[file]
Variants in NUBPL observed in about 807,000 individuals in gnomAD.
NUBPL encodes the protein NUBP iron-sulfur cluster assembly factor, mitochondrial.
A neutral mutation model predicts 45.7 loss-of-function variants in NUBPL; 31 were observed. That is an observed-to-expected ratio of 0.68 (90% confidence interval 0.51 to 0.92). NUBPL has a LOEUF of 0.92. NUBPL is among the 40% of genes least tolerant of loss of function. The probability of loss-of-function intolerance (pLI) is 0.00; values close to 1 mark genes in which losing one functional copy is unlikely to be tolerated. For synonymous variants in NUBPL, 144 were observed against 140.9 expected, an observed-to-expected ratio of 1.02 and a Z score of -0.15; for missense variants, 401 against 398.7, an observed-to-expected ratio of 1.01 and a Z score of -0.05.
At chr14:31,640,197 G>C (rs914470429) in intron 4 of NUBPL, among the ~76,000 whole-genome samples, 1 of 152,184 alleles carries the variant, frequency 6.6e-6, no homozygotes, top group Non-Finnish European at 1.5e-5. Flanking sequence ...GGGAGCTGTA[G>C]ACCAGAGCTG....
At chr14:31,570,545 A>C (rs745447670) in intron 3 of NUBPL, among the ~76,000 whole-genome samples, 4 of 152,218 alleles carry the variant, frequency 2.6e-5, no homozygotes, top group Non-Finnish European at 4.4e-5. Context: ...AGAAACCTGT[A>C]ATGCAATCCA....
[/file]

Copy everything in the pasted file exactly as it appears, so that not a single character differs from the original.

Variants in NUBPL observed in about 807,000 individuals in gnomAD.
NUBPL encodes the protein NUBP iron-sulfur cluster assembly factor, mitochondrial.
A neutral mutation model predicts 45.7 loss-of-function variants in NUBPL; 31 were observed. That is an observed-to-expected ratio of 0.68 (90% confidence interval 0.51 to 0.92). NUBPL has a LOEUF of 0.92. NUBPL is among the 40% of genes least tolerant of loss of function. The probability of loss-of-function intolerance (pLI) is 0.00; values close to 1 mark genes in which losing one functional copy is unlikely to be tolerated. For synonymous variants in NUBPL, 144 were observed against 140.9 expected, an observed-to-expected ratio of 1.02 and a Z score of -0.15; for missense variants, 401 against 398.7, an observed-to-expected ratio of 1.01 and a Z score of -0.05.
At chr14:31,640,197 G>C (rs914470429) in intron 4 of NUBPL, among the ~76,000 whole-genome samples, 1 of 152,184 alleles carries the variant, frequency 6.6e-6, no homozygotes, top group Non-Finnish European at 1.5e-5. Flanking sequence ...GGGAGCTGTA[G>C]ACCAGAGCTG....
At chr14:31,570,545 A>C (rs745447670) in intron 3 of NUBPL, among the ~76,000 whole-genome samples, 4 of 152,218 alleles carry the variant, frequency 2.6e-5, no homozygotes, top group Non-Finnish European at 4.4e-5. Context: ...AGAAACCTGT[A>C]ATGCAATCCA....